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The route begins on tarmac and immediately begins to climb. A view of the whole estuary opens out. The country lane rises to over 425 feet and is very steep at times. It seems a lot further than 3.5 miles to Alt-Y-Goed and we are very pleased to see the camping field.
The site is equipped with just a tap and we are the only campers. We pitch and cook dinner. Two hens and a cockerel run the full length of the field towards us and the cockerel proceeds to have his wicked way with the hens in front of the tent. These are followed, later, by three labrador puppies, probably allured by the smell of balti curry (I feel I should apologise to the chickens for the contents). Two of the puppies are well behaved but the third, who seems a bit retarded to me, almost has his nose in the cooking pot!
By now it is getting quite dark and we are pleased to settle down, leaving the puppies on guard outside.
Our goal today is Newport. It is overcast but there are clear views. It is quite windy but this we expect on a coastal path. We round Cemaes Head. The folds in the cliffs at Pen-Yr-Afr are quite spectacular and a disused coastguard station can be seen in the distance
We stop for a cup of tea around Pwllygranant. I have a leading store's “finest” chocolate doughnuts in my sack and have been looking forward to them all morning. They are awful - they taste like they are covered in cooking chocolate. I feed them to a slug who seems to quite enjoy them.
The scenery is magnificent as we approach Ceibwr Bay. The high cliffs are wild and beautiful. The weather improves and the sun manages to break through. We can see our destination in the far distance. We climb up and down, up and down, but it never seems to get any nearer!
We reach Ceibwr Bay which is the perfect spot for lunch. We cross the stream, which flows out to sea, by a plank footbridge, sit on the rocks by the deserted beach and contentedly munch our sandwiches.
Fulmers are said to nest on the rocks around here. We do see a few sea birds but too far away for positive identification. We stop for a while where the path to Treriffith meets the coastal path and are joined by some wild ponies. This takes us completely by surprise as we have heard no mention of them whilst researching the path. There are about a dozen, obviously led by the stallion in front. The ponies further along the path keep looking back and seem to want to leave but are waiting for the stallion's permission to go. On with the packs again and we continue along the path which undulates incessantly. In the guide book it says “remembered for changes in the vertical”. The cliffs here are over 500ft above sea level. Atlantic grey seals breed on the isolated beaches below but we are too high up to be able to spot any.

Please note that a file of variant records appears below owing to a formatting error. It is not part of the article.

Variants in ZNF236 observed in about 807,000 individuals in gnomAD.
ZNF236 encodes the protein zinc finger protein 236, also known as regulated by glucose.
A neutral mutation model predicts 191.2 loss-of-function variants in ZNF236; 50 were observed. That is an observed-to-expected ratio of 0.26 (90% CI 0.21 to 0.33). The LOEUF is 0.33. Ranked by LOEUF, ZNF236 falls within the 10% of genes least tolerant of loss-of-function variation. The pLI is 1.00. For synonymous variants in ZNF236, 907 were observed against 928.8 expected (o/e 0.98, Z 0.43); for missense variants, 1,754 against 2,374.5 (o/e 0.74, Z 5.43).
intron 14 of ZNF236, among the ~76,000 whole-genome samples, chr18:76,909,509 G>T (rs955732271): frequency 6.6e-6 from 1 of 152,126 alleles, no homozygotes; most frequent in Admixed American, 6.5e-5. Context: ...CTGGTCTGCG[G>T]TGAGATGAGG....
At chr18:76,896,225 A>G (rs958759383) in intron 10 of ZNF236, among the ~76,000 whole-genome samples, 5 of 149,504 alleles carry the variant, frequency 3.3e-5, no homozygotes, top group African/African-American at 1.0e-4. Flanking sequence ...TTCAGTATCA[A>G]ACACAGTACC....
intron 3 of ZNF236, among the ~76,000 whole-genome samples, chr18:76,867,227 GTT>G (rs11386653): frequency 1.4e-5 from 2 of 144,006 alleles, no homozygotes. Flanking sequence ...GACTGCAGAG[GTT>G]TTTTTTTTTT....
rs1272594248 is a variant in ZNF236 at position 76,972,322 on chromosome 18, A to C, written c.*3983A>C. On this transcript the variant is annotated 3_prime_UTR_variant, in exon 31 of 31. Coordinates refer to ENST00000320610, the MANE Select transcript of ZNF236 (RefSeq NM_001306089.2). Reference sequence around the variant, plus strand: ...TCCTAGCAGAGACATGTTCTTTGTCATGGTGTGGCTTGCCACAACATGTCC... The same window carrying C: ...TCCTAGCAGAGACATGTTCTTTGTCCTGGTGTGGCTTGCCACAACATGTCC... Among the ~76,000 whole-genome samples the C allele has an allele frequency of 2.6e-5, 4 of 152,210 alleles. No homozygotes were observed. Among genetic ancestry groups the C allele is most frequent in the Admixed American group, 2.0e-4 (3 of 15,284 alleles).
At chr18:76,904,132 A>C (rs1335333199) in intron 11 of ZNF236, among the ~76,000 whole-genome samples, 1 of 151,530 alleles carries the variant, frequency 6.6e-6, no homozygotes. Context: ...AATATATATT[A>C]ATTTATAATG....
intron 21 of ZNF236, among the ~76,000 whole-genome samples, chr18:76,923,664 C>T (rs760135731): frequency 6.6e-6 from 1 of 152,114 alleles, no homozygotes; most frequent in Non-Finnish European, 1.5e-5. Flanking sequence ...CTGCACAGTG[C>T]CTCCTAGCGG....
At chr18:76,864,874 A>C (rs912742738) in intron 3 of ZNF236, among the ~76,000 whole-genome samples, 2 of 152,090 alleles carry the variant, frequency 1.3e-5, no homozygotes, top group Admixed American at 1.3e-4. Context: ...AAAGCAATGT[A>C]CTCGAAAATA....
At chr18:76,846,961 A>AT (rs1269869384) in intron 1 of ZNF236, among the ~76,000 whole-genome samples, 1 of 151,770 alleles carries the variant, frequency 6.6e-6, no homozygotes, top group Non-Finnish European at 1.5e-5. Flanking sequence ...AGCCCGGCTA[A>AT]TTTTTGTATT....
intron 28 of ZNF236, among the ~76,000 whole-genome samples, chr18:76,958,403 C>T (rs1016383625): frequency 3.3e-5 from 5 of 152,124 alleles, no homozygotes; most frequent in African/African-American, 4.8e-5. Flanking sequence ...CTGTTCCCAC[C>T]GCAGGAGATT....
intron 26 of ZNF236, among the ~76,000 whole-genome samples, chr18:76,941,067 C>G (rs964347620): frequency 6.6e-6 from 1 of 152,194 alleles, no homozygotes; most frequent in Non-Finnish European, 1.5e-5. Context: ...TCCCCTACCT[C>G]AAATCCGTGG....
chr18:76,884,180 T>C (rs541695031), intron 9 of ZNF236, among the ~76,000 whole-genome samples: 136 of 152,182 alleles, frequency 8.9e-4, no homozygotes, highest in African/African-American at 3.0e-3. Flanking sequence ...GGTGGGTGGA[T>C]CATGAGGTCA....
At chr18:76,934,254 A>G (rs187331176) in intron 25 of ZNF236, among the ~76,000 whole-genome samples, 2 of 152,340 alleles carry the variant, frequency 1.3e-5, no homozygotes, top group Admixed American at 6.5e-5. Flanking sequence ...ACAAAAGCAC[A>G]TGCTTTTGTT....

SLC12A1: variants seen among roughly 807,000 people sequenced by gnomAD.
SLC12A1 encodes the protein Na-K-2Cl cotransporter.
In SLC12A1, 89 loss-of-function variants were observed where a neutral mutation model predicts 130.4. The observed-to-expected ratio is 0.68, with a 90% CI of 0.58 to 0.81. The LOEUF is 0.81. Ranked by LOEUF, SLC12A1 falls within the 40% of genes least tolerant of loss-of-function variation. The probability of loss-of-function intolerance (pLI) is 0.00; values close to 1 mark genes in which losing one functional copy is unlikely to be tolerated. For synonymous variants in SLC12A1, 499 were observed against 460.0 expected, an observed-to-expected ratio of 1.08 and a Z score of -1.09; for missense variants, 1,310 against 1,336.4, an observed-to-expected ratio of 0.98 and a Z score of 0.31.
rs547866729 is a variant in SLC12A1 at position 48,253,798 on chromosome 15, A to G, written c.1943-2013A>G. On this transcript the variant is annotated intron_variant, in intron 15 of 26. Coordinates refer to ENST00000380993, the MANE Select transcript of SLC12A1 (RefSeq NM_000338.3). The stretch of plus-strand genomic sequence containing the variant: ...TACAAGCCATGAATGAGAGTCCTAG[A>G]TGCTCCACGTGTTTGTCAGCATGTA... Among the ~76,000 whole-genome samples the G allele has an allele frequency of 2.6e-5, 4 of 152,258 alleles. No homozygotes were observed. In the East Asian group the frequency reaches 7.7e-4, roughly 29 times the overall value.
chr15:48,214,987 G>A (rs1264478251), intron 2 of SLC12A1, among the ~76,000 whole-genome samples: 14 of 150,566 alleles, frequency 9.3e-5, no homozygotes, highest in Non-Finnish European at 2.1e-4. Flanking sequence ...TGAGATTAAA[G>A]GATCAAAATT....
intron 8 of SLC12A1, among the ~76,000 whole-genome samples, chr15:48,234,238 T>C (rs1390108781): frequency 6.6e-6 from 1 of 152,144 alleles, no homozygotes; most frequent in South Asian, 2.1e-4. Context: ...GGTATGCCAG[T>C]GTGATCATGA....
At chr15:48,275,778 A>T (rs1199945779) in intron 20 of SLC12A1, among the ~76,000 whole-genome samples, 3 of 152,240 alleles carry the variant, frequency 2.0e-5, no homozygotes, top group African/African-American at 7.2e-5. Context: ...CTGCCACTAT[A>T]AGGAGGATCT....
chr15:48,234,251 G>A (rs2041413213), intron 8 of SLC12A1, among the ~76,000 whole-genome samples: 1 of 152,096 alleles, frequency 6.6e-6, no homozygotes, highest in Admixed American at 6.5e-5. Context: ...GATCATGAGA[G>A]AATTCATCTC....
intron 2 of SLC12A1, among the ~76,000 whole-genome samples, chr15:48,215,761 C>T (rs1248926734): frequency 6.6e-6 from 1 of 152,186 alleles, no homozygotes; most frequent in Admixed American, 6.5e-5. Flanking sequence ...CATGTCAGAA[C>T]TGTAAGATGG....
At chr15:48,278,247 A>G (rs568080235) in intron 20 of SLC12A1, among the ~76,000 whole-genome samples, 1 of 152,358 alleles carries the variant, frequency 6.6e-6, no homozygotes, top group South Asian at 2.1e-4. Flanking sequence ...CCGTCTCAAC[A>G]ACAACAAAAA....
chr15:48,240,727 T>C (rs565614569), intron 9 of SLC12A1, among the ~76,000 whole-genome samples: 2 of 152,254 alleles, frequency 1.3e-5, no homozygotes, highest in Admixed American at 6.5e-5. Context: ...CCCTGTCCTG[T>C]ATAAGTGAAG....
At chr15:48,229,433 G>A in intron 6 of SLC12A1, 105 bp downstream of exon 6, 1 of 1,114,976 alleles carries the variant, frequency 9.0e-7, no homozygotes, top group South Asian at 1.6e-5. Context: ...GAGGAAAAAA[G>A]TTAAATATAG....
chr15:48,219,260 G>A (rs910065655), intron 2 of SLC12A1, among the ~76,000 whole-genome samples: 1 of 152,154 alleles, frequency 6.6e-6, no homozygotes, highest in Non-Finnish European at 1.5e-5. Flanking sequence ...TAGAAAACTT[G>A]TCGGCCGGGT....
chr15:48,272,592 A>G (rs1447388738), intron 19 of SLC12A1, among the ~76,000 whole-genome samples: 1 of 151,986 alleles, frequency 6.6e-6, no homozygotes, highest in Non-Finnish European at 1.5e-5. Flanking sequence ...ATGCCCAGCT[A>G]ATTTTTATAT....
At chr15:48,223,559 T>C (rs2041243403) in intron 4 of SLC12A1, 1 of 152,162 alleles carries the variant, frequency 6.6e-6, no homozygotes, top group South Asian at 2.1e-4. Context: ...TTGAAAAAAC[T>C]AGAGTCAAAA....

We have reached Morfa Head and are, by now, very tired. It has been a very strenuous day. We can see Newport sands ahead of us. So near in the horizontal plane yet it seems so far as we still have several more "ups and downs" before we get there. We have seen only one person on the path today.
We come across the small bay of Pen Pistyll about a mile from Newport Bridge. It has the added advantage of running water in the form of a small waterfall over the cliffs. We are so tired it is too good to pass by. I am not so sure it will be possible to put up the tent but Charlie is very resourceful. He anchors the tent to the cliff and secures the guys with the flat dinner plate stones that fill the bay after having first arranged them to make a fairly flat surface. I am also not sure about the high tide line which doesn't look that far away to me.
I cook dinner while Charl is putting up the tent and we eat as we watch the sun go down.
The sun disappears below the horizon and we turn in for the night to the sound of the waves. I am still a little concerned about the high tide line but Charl assures me it is ok. The sea sounds so much nearer in the dark! I start to drift off but hear movement in the tent. Charl is watching the tide come in with the torch. I smile to myself as a few minutes ago he was so confident but safe in this knowledge, I fall asleep.
Back on the cliffs, once more, and our destination for the day in the form of a caravan site on the cliffs can just be seen in the distance. We reach Aber Bach, an unspoilt bay with no road access. It is too good to walk by so we stop for a tea break and have the bay all to ourselves. Once back on the cliff top, the campsite begins to look a little nearer. The sunny intervals are more frequent now. Only a few more “ups and downs”.
We arrive at Aber Grugog and the campsite at 3.00pm. We manage to do our washing and dry it in the wind on the cliff top. We have seen some considerable wildlife today. We watched cormorants fishing, a young hen harrier accompanied by the pair and a colony of guilimots.
The road out of Goodwick is extremely steep. As we are concentrating on dragging ourselves and our packs up the hill, we completely miss the path off and end up touring the Pembrokeshire farming community. Eventually, we re-discover the path.
The day continues with the usual ups and downs and many coves and bays. Whilst looking for the path off to the campsite at Tresinwen we come across a small bay. It has all the facilities we need, a flat grassy bank to pitch the tent and a fresh water inlet - perfect. It is around 4.00pm. We sit on the bank in the sunshine and watch a seal in the bay. We see a bird of prey but it disappears too quickly to identify.
I cook dinner and we eat in the tent. We can hear the seal calling outside - wish I had a tin of sardines! I peer outside. It is just a small black dot in the sea! We are nearly out of gas. I hope we have enough to keep us in tea until we reach Trefin tomorrow.